Many baseball historians consider Johnny Bench the best catcher to play the game. And honestly, it’s pretty difficult to argue against that. Ideally, his ’68 or ’69 card is an ideal HoF sports card investment option for those looking for safety with a good return.
We’ve seen many great catchers come and go since, but very few have had the staying power of Bench and Fisk. They also split time at other positions and were not actual authentic catchers.
It’s such a demanding position, from a strategical and defensive standpoint, that excelling on offense is extremely rare, and those that do are somewhat lacking on defense. Being stellar up at the plate and crouching behind it is as rare as a unicorn. Johnny Bench led the NL twice in home runs and finished with the most batted on three occasions.
On defense, Bench was a ten-time Gold Glove Award winner who skillfully handled pitching staffs, was an expert in pitch framing well before there was a term for it, and possessed a powerful, accurate throwing arm.
He was not a catcher on which opposing baserunners would find a lot of success attempting to steal bases. With that in all in mind, let’s review the all-time best baseball cards of the all-time best catcher.
1. 1969 Topps All-Star Rookie Johnny Bench Rookie Card #95
You can go back and forth on which is the actual Johnny Bench rookie card. This is his first solo card, so in that sense, this is the true Bench RC. However, a case can be made for the ’68 Topps card, and we’ll cover that in the very next item. This card is simplistic and minimalist in design, but sports cards didn’t have many bells and whistles back then. Given the layout and form, the eye first goes directly to the Topps All-Star Rookie Team trophy graphic.
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The Topps All-Star rookie trophy graphic debuted a decade earlier in 1959, but in the 1970s, they modified the trophy with a slugger on top into a bowl or cup design. Is it me, or does young Johnny Bench strongly resemble actor Brendan Fraser in his prime? Or at least he does in this photo.
2. 1968 Topps Johnny Bench Rookie Card #247
You could say the “true” Bench RC, as this is his earliest card in existence. He shares with a fella named Ron Tompkins, pictured in a Kansas City Athletics uniform. At this moment in history, Bench and Tompkins are on equal footing.
Then they went in opposite directions. By this card was issued, Tompkins had made five Major League appearances, with the A’s in 1965. He would return to the Majors in 1971 with the Chicago Cubs for a cup of coffee, and that was it. He recorded only two decisions, both losses, in his MLB career, which spanned just over 50 innings.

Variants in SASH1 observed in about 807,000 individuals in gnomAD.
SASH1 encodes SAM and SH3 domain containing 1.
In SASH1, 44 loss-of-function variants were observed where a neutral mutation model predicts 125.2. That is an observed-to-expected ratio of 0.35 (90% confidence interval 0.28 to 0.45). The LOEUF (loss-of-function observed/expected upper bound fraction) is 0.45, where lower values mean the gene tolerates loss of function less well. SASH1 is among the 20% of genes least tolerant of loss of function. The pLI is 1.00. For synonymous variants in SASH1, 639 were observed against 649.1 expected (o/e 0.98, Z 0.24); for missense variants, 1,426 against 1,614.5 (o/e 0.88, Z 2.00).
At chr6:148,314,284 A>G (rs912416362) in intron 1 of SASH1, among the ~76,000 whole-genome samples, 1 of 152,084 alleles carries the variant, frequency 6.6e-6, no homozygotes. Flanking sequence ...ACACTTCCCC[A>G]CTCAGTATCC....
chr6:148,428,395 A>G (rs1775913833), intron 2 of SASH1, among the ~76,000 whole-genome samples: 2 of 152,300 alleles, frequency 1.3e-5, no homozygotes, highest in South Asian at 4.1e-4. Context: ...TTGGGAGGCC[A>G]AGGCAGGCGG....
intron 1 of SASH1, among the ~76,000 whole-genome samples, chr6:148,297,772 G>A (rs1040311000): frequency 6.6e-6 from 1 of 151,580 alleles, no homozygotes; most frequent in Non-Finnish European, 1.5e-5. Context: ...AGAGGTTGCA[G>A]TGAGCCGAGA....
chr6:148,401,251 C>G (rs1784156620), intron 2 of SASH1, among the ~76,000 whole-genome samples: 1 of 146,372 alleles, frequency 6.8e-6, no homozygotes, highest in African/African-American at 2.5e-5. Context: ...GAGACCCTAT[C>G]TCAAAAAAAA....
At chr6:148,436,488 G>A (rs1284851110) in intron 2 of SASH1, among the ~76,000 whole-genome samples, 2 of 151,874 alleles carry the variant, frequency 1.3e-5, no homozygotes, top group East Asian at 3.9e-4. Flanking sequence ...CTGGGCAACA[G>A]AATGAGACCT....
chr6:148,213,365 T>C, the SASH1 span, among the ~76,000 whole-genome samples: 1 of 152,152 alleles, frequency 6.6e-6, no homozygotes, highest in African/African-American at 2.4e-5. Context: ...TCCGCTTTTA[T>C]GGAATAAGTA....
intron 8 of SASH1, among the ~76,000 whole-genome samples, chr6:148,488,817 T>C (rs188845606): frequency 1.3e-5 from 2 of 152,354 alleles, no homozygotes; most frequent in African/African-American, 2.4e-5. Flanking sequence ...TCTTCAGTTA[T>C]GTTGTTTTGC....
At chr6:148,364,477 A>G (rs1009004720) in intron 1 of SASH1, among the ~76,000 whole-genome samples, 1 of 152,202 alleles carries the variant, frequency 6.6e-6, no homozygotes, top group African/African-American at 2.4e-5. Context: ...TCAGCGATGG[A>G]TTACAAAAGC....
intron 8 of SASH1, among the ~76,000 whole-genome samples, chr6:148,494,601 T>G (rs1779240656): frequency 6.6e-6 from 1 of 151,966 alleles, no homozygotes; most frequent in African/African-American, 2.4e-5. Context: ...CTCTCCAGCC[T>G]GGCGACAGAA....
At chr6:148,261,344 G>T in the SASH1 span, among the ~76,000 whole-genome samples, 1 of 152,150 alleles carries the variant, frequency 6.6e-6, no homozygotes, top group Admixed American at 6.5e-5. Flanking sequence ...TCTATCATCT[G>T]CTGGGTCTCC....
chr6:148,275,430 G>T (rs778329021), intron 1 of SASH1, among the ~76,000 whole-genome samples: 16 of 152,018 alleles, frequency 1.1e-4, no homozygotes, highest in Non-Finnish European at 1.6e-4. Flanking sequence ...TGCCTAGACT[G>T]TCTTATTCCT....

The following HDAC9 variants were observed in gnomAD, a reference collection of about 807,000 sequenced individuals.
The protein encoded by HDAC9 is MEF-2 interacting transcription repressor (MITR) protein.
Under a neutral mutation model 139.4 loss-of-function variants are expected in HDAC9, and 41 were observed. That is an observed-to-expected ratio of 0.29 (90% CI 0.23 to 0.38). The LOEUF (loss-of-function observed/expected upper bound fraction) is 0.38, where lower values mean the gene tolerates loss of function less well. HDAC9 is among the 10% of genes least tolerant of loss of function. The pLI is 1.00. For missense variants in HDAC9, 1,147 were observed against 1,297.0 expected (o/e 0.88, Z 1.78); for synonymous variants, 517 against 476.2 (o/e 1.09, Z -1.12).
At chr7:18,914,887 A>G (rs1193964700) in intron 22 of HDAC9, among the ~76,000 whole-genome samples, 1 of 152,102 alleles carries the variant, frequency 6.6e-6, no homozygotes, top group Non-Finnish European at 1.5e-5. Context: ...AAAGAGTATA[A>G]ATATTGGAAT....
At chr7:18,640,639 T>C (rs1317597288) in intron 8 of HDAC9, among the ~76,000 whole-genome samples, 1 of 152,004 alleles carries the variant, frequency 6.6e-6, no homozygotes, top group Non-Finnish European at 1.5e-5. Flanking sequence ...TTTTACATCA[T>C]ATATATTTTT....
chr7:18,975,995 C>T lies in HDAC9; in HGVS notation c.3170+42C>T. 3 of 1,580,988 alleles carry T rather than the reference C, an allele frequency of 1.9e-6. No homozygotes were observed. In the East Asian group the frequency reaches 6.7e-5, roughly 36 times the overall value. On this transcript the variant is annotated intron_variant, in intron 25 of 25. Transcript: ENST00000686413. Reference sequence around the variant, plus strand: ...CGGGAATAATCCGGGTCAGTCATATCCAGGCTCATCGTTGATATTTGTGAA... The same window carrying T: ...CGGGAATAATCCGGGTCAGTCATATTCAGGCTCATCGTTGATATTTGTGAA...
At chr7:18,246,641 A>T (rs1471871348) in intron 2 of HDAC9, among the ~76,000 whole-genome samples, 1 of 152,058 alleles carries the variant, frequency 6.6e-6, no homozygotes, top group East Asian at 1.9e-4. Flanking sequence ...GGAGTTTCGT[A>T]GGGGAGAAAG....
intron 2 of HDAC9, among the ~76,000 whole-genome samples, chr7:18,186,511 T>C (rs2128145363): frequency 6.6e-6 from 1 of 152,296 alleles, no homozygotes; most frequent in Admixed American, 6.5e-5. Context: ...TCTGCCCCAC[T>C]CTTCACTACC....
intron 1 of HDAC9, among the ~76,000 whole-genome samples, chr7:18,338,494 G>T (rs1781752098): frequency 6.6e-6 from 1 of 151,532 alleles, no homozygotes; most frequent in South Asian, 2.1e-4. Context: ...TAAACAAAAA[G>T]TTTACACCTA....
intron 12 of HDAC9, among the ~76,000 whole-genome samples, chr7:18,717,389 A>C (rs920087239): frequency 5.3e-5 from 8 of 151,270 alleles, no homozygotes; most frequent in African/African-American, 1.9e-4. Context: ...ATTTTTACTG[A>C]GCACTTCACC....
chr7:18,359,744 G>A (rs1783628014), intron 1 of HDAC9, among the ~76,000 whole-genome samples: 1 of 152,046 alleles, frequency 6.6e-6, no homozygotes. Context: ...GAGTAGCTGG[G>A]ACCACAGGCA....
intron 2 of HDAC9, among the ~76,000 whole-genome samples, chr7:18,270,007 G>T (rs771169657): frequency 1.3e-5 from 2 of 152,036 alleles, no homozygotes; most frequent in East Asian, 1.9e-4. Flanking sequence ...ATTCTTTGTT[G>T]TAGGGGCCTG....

So it’s undeniable that his appearance on this card, besides a first-ballot Hall-of-Famer, is his claim to fame. This juxtaposition of these two baseball careers makes this a unique card.
3. 2021 Topps Project 70 1972 Johnny Bench #72
The only card on our list from the modern era is the only one that thus throws back to bygone times. The 2021 Topps Project Johnny Bench baseball card focuses heavily on design, layout, and being aesthetically pleasing.
All art majors have to find this card interesting, and memorabilia collectors will like this offering too. The depiction of Bench himself is instead art house in feel, making this a unique card and one all Bench aficionados should try to acquire.
4. 1970 Topps Johnny Bench #660
This card was issued as Bench was en route to winning the NL MVP award in just his third season in the league. His storied career began with his winning the Rookie of the Year award in 1968, and over this three-year period, you could really see that #5 was indeed on the verge of something special.
This photograph is basically akin to a “picture of a baseball catcher that comes with the frame.” The card design embodies the saying “less is more,” which is often attributed to architect Mies Van Der Rohe and the Bauhaus movement.
5. 1971 Topps Johnny Bench #250
It doesn’t get any more 1970s than the font, colors, and design of this series of Topps. And Johnny Bench is the perfect player for the card-maker to champion here, as he’s got a wholesome, squeaky-clean image. This issue was amid a run in which Topps had a total monopoly on the baseball card market.